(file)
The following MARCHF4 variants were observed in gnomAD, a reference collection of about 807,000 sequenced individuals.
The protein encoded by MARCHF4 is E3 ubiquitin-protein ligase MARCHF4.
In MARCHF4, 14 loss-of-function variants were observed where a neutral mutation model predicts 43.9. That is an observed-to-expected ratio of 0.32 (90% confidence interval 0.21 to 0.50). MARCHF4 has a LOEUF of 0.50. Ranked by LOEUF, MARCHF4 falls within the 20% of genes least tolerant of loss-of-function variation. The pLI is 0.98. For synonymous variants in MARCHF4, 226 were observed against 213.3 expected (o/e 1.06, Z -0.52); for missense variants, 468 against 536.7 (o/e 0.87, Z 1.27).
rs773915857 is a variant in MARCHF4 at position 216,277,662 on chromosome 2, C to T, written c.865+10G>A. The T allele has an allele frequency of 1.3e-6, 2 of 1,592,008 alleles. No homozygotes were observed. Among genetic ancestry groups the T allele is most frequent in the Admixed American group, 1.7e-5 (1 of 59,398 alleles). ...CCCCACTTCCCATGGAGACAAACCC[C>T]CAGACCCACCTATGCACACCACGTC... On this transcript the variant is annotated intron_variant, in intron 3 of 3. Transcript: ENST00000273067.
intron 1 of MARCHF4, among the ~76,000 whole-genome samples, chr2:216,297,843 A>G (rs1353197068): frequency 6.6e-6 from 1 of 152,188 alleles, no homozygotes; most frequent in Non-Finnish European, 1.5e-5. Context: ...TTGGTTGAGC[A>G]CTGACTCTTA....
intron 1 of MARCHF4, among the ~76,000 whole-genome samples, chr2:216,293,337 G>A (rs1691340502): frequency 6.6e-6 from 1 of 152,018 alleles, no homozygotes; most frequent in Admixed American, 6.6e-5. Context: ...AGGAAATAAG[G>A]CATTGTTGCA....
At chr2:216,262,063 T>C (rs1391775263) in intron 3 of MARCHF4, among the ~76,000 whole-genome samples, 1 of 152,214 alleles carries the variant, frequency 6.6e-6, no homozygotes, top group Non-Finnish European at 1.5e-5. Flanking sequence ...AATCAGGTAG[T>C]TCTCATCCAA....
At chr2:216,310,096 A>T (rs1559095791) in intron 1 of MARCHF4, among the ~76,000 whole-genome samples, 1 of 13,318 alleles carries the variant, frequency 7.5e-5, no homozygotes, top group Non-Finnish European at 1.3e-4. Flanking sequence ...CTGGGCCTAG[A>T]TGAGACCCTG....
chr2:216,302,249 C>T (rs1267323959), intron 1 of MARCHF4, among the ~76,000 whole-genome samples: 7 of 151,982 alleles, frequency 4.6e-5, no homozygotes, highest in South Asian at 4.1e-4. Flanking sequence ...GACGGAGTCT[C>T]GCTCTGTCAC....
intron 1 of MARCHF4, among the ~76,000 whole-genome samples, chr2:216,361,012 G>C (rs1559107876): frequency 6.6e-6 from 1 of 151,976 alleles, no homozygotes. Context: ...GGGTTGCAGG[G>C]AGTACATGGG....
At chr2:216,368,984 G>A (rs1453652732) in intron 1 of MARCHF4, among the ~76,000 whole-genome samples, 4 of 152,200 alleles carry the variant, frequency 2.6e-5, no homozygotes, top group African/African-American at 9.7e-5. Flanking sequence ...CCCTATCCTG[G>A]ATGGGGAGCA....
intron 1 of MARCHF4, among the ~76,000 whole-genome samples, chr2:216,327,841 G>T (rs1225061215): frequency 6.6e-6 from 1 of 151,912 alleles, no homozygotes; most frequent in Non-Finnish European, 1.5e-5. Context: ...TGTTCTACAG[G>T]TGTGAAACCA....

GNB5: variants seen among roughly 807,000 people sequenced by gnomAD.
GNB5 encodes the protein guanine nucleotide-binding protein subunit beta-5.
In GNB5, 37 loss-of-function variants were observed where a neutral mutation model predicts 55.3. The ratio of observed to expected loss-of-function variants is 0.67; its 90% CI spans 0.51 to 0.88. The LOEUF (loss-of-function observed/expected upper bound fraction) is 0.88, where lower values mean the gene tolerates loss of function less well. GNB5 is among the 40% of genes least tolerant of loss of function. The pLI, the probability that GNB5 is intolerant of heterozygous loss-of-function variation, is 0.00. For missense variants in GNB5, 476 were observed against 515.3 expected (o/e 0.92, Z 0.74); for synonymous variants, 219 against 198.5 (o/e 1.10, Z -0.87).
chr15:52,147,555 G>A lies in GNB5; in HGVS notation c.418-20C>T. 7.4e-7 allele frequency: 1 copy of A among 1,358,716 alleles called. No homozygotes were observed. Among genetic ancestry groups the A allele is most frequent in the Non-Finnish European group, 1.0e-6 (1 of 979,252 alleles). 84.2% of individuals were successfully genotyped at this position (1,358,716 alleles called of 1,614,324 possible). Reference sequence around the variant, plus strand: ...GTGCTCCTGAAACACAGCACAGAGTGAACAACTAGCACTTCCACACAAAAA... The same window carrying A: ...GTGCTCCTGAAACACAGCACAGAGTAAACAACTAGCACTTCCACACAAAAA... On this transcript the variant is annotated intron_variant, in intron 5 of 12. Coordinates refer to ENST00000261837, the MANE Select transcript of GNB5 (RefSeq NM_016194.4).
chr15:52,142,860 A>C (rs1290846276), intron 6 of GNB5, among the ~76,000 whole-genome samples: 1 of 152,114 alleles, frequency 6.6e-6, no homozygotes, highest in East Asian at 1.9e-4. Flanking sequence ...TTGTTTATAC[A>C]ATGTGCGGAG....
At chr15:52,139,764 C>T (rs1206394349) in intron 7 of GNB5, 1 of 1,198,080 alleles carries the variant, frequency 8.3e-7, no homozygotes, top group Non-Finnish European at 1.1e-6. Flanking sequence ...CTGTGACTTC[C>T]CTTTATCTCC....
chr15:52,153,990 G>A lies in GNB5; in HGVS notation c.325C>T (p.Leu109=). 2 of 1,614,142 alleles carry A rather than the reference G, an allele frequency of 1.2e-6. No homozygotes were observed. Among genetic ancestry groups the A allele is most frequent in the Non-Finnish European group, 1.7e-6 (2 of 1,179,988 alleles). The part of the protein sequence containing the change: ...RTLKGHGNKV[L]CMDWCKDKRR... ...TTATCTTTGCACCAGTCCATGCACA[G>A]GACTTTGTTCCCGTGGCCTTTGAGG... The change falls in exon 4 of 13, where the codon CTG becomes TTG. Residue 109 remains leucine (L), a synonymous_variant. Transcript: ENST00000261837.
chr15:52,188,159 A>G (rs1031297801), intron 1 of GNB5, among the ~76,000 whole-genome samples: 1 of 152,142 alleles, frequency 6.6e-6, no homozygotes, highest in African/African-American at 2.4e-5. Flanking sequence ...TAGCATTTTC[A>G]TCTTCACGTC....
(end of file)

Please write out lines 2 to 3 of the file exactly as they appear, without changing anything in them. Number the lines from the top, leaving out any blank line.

The protein encoded by MARCHF4 is E3 ubiquitin-protein ligase MARCHF4.
In MARCHF4, 14 loss-of-function variants were observed where a neutral mutation model predicts 43.9. That is an observed-to-expected ratio of 0.32 (90% confidence interval 0.21 to 0.50). MARCHF4 has a LOEUF of 0.50. Ranked by LOEUF, MARCHF4 falls within the 20% of genes least tolerant of loss-of-function variation. The pLI is 0.98. For synonymous variants in MARCHF4, 226 were observed against 213.3 expected (o/e 1.06, Z -0.52); for missense variants, 468 against 536.7 (o/e 0.87, Z 1.27).